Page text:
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I.

Overview: - The Immune System

II. Introduction: - Monoclonal Antibodies

NEERING

Goal : - To develop a basic foundation of how the immune defenses operate in order to understand the science behind Monoclonal Antibodies

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The Real World

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THE IMMUNE SYSTEM


The Latin term IMMUNIS means EXEMPT, referring to protection against foreign agents. DEFINITION: - The integrated body system of organs, tissues, cells & cell products that differentiates self from non self & neutralizes potentially pathogenic organisms.
(The American Heritage Stedman's Medical Dictionary)

The Immune System consists of

1. Innate Immunity
2. Acquired Immunity

Primary Response
Secondary Response

ANATOMY OF THE IMMUNE SYSTEM

CELLS OF THE IMMUNE SYSTEM

FUNCTIONING OF THE IMMUNE SYSTEM


HUMORAL (ANTIBODY MEDIATED) IMMUNE RESPONSE CELL MEDIATED IMMUNE RESPONSE
ANTIGEN (1ST EXPOSURE) ENGULFED BY Phgocytic cells

FREE ANTIGENS DIRECTLY ACTIVATE

BECOMES APC STIMULATES

ANTIGENS DISPLAYED BY INFECTED CELLS ACTIVATE CYTOTOXIC T CELL

B CELLS

STIMULATES

HELPER T CELLS MEMORY HELPER T CELLS

STIMULATES

GIVES RISE TO

GIVES RISE TO
STIMULATES

STIMULATES

STIMULATES

ANTIGEN (2nd EXPOSURE)


PLASMA CELLS MEMORY B CELLS
STIMULATES

MEMORY T CELLS

ACTIVE CYTOTOXIC T CELL

SECRETE ANTIBODIES

IMMUNOTHERAPY
Treatment of the disease by Inducing, Enhancing or Suppressing the Immune System.

Active Immunotherapy: It stimulates the bodys own immune system to fight the disease.

Passive Immunotherapy: It does not rely on the body to attack the disease, instead they use the immune system components ( such as antibodies) created outside the body.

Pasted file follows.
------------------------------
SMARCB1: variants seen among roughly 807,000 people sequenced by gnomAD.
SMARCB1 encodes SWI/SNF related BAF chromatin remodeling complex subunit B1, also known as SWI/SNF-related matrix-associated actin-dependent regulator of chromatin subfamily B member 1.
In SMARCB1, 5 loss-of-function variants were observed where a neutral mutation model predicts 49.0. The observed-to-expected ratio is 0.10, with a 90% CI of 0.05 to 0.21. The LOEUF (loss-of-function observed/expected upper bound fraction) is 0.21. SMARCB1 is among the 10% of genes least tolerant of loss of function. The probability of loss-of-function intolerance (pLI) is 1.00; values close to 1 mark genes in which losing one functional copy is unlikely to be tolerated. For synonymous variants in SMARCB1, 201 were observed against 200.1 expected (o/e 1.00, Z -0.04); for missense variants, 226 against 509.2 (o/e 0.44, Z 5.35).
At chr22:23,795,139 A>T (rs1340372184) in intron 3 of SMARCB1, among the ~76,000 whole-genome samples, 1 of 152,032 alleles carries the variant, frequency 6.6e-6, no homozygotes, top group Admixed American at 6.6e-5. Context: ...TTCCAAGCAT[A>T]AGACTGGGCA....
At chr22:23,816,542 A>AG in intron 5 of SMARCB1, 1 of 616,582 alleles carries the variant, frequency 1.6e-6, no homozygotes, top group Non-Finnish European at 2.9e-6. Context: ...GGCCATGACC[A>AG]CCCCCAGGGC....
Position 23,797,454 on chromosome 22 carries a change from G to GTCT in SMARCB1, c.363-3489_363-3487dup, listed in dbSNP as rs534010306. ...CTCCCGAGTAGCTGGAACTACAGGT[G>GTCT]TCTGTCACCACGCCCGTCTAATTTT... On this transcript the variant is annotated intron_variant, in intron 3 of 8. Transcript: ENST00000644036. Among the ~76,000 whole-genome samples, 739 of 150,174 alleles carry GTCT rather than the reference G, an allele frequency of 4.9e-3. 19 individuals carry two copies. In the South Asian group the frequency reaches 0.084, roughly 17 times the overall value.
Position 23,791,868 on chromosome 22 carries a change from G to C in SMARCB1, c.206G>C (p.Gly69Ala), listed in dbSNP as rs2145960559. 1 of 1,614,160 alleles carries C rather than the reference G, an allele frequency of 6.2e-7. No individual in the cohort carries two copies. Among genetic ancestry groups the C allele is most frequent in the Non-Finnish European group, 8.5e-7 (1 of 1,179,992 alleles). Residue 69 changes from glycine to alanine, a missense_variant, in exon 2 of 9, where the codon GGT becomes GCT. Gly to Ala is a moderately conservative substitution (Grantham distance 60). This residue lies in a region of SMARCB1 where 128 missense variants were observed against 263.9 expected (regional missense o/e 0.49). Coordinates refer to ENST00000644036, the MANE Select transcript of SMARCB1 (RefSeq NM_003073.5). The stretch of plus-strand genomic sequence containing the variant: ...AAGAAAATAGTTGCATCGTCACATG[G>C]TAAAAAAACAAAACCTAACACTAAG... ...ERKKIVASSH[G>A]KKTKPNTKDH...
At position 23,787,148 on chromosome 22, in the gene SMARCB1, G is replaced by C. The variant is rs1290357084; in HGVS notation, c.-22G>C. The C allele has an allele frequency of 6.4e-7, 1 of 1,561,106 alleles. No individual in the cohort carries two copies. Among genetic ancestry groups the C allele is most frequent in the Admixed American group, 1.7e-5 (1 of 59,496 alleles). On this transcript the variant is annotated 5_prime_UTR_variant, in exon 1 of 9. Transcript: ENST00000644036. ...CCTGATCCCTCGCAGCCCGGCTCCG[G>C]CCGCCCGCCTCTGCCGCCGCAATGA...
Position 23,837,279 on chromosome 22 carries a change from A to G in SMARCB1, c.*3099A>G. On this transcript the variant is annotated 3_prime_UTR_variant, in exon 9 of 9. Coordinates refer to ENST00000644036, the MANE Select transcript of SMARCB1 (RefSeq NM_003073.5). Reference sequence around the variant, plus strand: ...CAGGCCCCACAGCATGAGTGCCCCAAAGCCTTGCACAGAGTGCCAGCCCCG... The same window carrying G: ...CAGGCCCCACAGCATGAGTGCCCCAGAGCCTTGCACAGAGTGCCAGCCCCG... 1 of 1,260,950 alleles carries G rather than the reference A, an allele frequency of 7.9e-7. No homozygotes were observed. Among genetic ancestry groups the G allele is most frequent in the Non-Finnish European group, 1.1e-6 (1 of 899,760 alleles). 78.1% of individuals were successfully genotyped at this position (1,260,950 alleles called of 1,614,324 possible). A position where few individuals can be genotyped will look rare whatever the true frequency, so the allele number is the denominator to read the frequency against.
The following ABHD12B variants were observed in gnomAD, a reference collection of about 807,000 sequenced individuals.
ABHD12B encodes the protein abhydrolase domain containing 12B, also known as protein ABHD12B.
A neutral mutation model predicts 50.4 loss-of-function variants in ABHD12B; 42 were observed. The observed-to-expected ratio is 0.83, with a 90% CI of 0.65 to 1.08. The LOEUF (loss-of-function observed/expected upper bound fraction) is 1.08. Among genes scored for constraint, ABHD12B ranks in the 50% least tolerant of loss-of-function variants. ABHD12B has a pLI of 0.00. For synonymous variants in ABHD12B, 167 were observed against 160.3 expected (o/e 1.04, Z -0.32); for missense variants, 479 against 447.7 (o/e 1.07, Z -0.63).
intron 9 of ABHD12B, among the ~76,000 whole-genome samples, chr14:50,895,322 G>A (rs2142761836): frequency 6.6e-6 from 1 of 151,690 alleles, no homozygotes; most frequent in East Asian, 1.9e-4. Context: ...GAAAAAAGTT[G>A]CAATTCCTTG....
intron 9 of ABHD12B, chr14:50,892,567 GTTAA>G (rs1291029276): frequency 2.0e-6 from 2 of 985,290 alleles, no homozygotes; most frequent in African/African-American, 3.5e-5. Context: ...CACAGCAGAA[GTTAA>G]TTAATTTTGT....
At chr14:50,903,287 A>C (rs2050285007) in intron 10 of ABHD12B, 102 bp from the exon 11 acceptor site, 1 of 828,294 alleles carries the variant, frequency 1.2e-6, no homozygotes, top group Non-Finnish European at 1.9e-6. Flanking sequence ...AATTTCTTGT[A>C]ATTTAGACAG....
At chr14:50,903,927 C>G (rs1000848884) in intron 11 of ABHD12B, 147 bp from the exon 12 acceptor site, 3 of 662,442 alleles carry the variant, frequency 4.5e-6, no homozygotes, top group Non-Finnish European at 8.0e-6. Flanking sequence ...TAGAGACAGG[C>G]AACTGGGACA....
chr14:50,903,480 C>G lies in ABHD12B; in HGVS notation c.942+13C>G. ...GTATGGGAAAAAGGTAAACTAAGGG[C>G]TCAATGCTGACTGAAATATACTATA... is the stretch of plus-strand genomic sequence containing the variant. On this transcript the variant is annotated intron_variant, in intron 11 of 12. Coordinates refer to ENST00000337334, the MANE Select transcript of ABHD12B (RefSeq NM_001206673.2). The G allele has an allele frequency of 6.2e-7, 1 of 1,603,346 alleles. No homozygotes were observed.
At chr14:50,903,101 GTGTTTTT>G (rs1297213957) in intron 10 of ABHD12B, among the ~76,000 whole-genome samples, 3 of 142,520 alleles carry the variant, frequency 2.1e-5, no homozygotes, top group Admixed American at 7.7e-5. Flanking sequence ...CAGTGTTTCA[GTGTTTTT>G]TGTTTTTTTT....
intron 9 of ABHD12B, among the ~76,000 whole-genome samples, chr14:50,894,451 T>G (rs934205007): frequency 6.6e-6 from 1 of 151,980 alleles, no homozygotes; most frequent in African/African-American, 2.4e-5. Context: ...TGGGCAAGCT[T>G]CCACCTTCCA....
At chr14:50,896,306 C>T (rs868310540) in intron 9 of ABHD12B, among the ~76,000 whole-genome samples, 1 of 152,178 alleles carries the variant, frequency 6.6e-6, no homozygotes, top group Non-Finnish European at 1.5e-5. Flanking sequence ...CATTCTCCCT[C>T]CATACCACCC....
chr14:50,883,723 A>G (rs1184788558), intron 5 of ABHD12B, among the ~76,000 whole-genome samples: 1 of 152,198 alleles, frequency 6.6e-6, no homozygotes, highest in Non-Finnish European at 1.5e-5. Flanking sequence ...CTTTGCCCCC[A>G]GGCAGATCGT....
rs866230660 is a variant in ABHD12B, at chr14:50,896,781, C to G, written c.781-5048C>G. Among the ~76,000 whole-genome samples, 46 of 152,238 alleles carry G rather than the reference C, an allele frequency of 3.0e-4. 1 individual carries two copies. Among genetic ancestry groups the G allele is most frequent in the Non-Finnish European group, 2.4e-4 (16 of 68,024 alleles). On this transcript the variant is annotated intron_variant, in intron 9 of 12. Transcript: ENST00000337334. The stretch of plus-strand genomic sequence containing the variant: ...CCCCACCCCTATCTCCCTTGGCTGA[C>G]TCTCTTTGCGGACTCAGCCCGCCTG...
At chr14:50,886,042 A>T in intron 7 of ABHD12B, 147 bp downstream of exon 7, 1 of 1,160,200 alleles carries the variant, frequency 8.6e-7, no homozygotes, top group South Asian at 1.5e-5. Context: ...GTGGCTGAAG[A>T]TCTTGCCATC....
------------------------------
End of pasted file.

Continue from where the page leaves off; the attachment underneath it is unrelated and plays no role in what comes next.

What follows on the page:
HISTORY OF IMMUNOLOGY
1926 Lloyd Felton & GH Bailey, Isolation of pure antibody preparation 1862 Ernst Haeckel, Recognition of phagocytosis 1877 Paul Erlich, recognition of mast cells 1879 Louis Pasteur, Attenuated chicken cholera vaccine development 1883 Elie Metchnikoff Cellular theory of vaccination 1934-8 John Marrack, Antigen-antibody binding hypothesis 1936 Peter Gorer, Identification of the H-2 antigen in mice 1940 Karl Lansteiner & Alexander Weiner, Identification of the Rh antigens 1941 Albert Coons, Immunofluorescence technique 1958-62 Jean Dausset et al., Human leukocyte antigens 1959-62 Rodney Porter et al., Discovery of antibody structure 1959 James Gowans, Lymphocyte circulation 1961-62 Jaques Miller et al., Discovery of thymus involvement in cellular immunity 1961-62 Noel Warner et al., Distinction of cellular and humoral immune responses 1963 Jaques Oudin et al., antibody idiotypes 1964-8 Anthony Davis et al., T and B cell cooperation in immune response 1965 Thomas Tomasi et al., Secretory immunoglobulin antibodies 1967 Kimishige Ishizaka et al., Identification of IgE as the reaginic antibody 1971 Donald Bailey, Recombinent inbred mouse strains 1974 Rolf Zinkernagel & Peter Doherty, MHC restriction

1885 Louis Pasteur, Rabies vaccination development


1888 George Nuttall, Bactericidal action of blood 1894 Richard Pfeiffer, Bacteriolysis

1888 Pierre Roux & Alexandre Yersin, Bacterial toxins 1891 Robert Koch, Delayed type hypersensitivity

1798 Edward Jenner, Smallpox vaccination


1942 Jules Freund & Katherine McDermott, Adjuvants